On Christmas Eve 1914, something extraordinary happened in the muddy trenches of Belgium.

Carols were sung, greetings shouted. Soldiers from the Allied and German armies met in no man’s land to exchange cigarettes, hats and uniform buttons.

The so-called “Christmas truce” proved unpopular with the men’s military commanders. Yet it became an almost folkloric symbol of human decency amid the bloody carnage of World War I.

Almost a century later, the truce was re-enacted on a stage in St. Paul, where the Minnesota Opera premiered “Silent Night” by composer Kevin Puts in 2011. A Star Tribune reviewer called it “grimly beautiful” and “a significant addition to the repertoire.” National recognition came the following year, with Puts winning a Pulitzer Price for the opera’s music.

In the seven years since the premiere, no fewer than 12 more companies have staged the opera, including Opera San Jose (2017) and Ireland’s Wexford Festival Opera (2014). And the 100th anniversary of the World War I armistice on Nov. 11 brings a new wave of productions, making “Silent Night” the most successful product of the Minnesota Opera’s industry-leading New Works Initiative.

The Minnesota Opera reprises its production this week, with the big opening scheduled for Saturday. The San Francisco Symphony co-commissioned a new orchestral suite based on the opera, which premiered late last month. Another seven opera companies are mounting “Silent Night” productions this season, including a U.K. premiere in Leeds.

“ ‘Silent Night’ moved from its premiere to being part of the repertoire in such short order,” said Opera America CEO Marc Scorca. “That does not happen often.”

Tale with ‘operatic potential’

Dale Johnson was the Minnesota Opera’s artistic director when the organization commissioned “Silent Night” in 2009. Now semi-retired, Johnson recalled how the compelling story of the Christmas truce came to his attention.

“I had read a review in the New York Times of ‘Joyeux Noël,’ a film about the truce made in 2005 by French director Christian Carion,” Johnson said in a recent interview. “So I got a DVD of it, and immediately saw the operatic potential.”

The opera owes much of its success to that riveting story, Scorca said via phone from New York City. “The subject of the opera, though historically based, is contemporary in terms of finding humanity and community even with those we’re fighting against.”

Conductor Nicole Paiement will lead the Washington National Opera’s production of “Silent Night,” opening Saturday at Kennedy Center. “I think the relevance to present times is something we need to reflect on,” she said. “It has a lot to say about the nature of humanity.”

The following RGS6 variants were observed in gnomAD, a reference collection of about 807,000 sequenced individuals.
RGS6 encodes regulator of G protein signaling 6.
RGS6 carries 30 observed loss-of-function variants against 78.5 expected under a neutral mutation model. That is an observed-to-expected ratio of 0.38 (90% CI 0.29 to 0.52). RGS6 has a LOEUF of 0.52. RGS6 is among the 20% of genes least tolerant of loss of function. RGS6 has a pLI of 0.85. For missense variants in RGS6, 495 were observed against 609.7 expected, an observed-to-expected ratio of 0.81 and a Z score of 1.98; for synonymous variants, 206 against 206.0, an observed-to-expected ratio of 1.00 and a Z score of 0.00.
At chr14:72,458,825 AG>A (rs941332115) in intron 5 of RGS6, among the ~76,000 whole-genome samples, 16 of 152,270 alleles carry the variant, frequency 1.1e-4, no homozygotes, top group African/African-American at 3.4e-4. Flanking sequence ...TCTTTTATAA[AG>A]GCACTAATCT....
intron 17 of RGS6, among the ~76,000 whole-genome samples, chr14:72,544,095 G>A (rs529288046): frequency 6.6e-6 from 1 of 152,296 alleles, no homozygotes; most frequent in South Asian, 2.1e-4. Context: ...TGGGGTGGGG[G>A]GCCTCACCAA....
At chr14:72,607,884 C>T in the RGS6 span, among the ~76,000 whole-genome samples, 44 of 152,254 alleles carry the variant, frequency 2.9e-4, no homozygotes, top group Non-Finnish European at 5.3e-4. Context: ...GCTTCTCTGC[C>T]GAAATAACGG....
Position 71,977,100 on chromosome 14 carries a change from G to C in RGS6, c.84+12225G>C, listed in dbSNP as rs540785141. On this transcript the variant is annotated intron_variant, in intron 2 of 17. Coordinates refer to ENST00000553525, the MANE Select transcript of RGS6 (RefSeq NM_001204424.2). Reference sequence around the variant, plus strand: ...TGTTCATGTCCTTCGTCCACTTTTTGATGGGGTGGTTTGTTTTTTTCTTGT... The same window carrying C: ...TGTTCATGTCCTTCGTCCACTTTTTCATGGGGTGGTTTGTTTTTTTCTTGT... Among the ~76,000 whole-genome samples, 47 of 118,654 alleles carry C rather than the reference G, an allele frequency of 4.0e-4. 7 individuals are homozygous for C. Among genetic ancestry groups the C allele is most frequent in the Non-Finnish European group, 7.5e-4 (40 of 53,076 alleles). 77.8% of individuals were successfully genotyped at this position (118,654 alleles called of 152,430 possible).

Scorca and Paiement agree that the quality of Puts’ score is another important quality. Scorca called the music “beautiful and compelling.” Paiement pointed to its evocative depictions of people and emotions.

“It’s so well-crafted in painting the various characters,” she said. “There’s a separate sound world for the French, the Scots and the Germans. The orchestra is part of the storytelling at all times.”

A Minnesota Opera favorite, librettist Mark Campbell has worked on several company commissions — from 2015’s “The Manchurian Candidate” (with another score by Puts) to 2017’s “Dinner at Eight” (with composer William Bolcom). Campbell fashioned the text for “Silent Night” from the 2005 movie that sparked the idea in the first place. And Paiement sees his script as yet another of the opera’s strengths.

“Mark’s libretto really develops all the characters in a very fast-paced way,” she said. “Operas often take a lot of time to do that.”

A place for new works

Staging new work was central to the Minnesota Opera’s mission from the start. The company was born, in fact, when the Walker Art Center commissioned Dominick Argento’s “The Masque of Angels” in 1963. With an emphasis on commissioning and staging new works by American composers, the organization was regarded as an alternative opera company through much of the 1970s.

After a few decades of emphasizing more traditional fare, the organization renewed its commitment to contemporary opera by establishing the New Works Initiative in 2008. In addition to the 2011 premiere of “Silent Night,” the program produced the 2016 hit “The Shining” by composer Paul Moravec. Next up: an opera depicting the 1919 World Series (Joel Puckett’s “The Fix,” opening in March 2019) and another based on Minneapolis author Kate DiCamillo’s “The Miraculous Journey of Edward Tulane” (coming in November 2019).

That commitment to new work “puts it in really rarefied territory,” Scorca said.

And the company’s record of staging high-quality first productions helps launch successful new operas, Paiement added.

Theatergoers also play a part. “In the Twin Cities you have an audience that welcomes new work,” Scorca said. “That is very important in making opera a vibrant 21st-century form of cultural expression.”

So what of the future? When the dust settles on this current spate of productions, will “Silent Night” continue to be a favorite contemporary opera?

Johnson thinks so. He pointed to the work’s emotional impact. “I was a mess the first time I heard it,” he said. “And I will be a mess again on Saturday evening.”

Scorca struck a more cautious note. “Will ‘Silent Night’ last another five years or 10 years? Or another century? Who knows?” he said. “What’s important is celebrating a piece that has such connection today.”


Terry Blain is a freelance classical music critic for the Star Tribune. Reach him at artsblain@gmail.com.